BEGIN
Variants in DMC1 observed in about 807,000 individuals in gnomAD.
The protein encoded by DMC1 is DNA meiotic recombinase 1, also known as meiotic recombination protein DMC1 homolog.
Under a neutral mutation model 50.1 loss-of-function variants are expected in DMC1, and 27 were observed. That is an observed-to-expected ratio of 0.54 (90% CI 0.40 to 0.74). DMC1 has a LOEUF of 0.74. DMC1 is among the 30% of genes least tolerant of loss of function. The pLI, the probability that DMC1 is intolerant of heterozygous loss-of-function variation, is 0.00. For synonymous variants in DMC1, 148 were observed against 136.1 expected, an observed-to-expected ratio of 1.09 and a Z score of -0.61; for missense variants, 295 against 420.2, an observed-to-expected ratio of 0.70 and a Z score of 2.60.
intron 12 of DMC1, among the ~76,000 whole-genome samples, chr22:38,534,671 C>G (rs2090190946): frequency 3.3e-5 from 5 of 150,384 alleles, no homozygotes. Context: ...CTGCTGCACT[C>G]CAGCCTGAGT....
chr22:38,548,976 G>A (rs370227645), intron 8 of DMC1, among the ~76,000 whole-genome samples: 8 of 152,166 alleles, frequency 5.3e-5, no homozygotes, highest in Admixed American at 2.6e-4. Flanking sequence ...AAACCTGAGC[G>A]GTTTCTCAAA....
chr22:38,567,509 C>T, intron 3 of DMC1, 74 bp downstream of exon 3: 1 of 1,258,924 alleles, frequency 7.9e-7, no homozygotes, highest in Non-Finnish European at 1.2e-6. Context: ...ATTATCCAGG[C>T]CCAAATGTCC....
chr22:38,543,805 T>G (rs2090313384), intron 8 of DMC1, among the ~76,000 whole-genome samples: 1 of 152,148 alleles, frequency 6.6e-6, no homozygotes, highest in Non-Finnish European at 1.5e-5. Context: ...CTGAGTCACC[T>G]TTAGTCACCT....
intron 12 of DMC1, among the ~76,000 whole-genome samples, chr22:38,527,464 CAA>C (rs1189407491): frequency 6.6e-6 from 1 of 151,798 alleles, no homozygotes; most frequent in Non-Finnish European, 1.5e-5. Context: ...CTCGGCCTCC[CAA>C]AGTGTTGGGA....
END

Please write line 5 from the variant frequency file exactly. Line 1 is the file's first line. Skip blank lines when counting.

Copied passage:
chr22:38,548,976 G>A (rs370227645), intron 8 of DMC1, among the ~76,000 whole-genome samples: 8 of 152,166 alleles, frequency 5.3e-5, no homozygotes, highest in Admixed American at 2.6e-4. Flanking sequence ...AAACCTGAGC[G>A]GTTTCTCAAA....